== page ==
Feb
12
2018

SHABAKA & THE ANCESTORS

City Recital Hall, January 24

8.5/10

shabaka res 2

Shabaka Hutchings. Photo: Jamie Williams

In the 1960s South Africa became a crucible for some of the world’s most vibrant jazz. Apartheid drove away many of the key musicians, mostly to London (electrifying that city’s jazz scene), while the great pianist-composer Abdullah Ibrahim and the trumpeter Hugh Masekela (who has just passed away) made for the US. Their music highlighted jazz’s ability to be a global improvisational language with an infinite capacity to absorb local musical dialects.

Enter the brilliant British saxophonist Shabaka Hutchings, who, no doubt aware of this rich history, in 2016 recorded with the cream of South Africa’s contemporary jazz players in Johannesburg. The resultant Wisdom of the Elders was presented here as a contiguous suite: an exhilarating journey that, like many rivulets feeding into a mighty waterway, drew on the music of not just South Africa, but Africa more broadly, the Caribbean (where Hutchings’ own roots lie) and of course the US (with nods to the likes of Sun Ra and the Art Ensemble of Chicago).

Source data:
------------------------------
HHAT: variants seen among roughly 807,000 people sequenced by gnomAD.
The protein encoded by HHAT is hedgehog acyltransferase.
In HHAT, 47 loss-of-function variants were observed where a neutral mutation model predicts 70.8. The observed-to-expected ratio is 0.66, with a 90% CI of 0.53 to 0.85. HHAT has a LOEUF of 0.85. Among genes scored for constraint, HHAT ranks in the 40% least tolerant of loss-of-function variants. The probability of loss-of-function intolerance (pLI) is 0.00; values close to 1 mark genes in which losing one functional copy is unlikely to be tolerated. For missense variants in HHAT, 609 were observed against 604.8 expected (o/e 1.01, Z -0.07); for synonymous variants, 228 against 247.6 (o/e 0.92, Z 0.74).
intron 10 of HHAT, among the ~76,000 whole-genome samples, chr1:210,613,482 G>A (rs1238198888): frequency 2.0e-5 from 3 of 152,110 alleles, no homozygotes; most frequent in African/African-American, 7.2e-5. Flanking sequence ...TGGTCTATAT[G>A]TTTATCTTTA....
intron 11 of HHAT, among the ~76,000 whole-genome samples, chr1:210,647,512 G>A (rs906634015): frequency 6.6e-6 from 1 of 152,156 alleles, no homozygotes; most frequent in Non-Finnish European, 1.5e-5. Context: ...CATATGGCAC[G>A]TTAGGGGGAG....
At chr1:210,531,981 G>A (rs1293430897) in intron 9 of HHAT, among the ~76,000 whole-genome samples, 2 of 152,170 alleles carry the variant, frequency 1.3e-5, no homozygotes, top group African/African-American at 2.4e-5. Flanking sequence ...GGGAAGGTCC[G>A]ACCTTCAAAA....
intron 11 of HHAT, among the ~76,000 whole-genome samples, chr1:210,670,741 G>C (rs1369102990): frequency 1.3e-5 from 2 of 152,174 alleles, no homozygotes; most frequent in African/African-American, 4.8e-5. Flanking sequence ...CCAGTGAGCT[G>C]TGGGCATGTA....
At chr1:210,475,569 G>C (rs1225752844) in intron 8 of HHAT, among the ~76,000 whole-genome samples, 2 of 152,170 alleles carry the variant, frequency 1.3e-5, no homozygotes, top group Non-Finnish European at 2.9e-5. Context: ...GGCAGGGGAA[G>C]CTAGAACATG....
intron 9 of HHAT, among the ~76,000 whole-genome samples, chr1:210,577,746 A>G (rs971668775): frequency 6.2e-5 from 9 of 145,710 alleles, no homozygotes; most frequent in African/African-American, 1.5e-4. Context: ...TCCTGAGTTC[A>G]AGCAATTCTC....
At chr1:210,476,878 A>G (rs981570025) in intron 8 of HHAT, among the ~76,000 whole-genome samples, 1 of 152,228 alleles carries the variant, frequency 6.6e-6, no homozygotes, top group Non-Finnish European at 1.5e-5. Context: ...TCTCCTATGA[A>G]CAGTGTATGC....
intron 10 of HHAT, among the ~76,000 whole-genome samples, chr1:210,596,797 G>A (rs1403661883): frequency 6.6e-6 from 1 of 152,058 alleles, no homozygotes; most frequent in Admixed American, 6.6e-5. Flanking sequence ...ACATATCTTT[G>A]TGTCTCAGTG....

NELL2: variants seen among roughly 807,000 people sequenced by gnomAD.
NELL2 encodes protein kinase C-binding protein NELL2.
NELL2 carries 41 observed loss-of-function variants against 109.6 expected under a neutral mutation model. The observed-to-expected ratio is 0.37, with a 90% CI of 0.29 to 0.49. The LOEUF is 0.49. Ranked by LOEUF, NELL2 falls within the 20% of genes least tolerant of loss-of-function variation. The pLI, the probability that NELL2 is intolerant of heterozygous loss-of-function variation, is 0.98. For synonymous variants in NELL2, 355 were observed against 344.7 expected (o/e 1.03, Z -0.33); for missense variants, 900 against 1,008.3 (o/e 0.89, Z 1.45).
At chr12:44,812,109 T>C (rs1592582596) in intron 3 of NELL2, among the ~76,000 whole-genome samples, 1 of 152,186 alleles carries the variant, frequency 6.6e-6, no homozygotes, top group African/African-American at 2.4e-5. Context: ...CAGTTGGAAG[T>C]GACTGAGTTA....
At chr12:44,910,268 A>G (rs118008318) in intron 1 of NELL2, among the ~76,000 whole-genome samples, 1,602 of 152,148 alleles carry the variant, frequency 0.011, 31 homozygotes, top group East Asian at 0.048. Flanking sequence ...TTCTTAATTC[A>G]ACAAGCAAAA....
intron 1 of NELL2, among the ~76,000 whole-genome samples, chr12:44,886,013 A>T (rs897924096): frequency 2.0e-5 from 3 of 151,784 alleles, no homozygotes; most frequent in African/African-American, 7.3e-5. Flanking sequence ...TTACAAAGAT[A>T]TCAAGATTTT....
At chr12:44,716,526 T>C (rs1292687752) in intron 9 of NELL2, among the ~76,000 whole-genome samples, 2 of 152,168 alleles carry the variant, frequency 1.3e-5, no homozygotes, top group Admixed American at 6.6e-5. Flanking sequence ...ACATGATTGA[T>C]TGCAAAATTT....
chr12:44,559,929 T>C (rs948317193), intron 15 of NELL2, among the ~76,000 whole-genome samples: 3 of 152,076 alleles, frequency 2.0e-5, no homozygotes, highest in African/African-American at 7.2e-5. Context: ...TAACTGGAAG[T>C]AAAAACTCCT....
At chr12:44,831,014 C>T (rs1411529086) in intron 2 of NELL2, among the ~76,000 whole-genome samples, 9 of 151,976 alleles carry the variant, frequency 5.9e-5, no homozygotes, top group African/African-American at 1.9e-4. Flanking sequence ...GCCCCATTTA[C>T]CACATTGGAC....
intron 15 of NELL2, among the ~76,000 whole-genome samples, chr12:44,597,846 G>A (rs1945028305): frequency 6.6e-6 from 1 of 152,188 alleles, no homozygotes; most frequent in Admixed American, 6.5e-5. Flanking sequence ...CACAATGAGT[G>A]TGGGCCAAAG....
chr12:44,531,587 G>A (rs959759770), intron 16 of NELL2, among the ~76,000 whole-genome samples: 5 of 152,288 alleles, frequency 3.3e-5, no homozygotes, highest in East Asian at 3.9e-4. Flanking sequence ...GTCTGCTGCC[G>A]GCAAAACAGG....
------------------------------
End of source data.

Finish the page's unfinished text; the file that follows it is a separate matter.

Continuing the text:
The South Africans’ trademark exuberance was ideal for detonating Hutchings’ explosive tenor solos, while his compositions, brimming with mesmeric chants and anthemic melodies, presented wide-open fields upon which to improvise.

shabaka res 1

Photo: Jamie Williams

Singer Siyabonga Mthembu won’t die wondering what might have happened had told us what he really thought about patriarchies, misogyny, racism and ecological vandalism, and he delivered his chanted messages with such a potent voice and blazing eyes, and yet with such sincere benignity, that one weathered and even embraced the overt didacticism.

Saxophonist Mthunzi Mvubu added a piquant alto sound to his bold, acute-angled lines, and the combination of Ariel Zamonsky (bass), Tuni Mogorosi (drums) and Gontse Makhene (percussion) provided crashing rhythmic waves for the horns and voice to ride. Hutchings’ sound was as vast and warm as a summer wind, and on several solos he attained monumental – almost ferocious – energy and intensity. Yet implicit in his playing was also an expression of the surrounding South African aesthetic, in which any sadness or anger always finds its corollary in joy.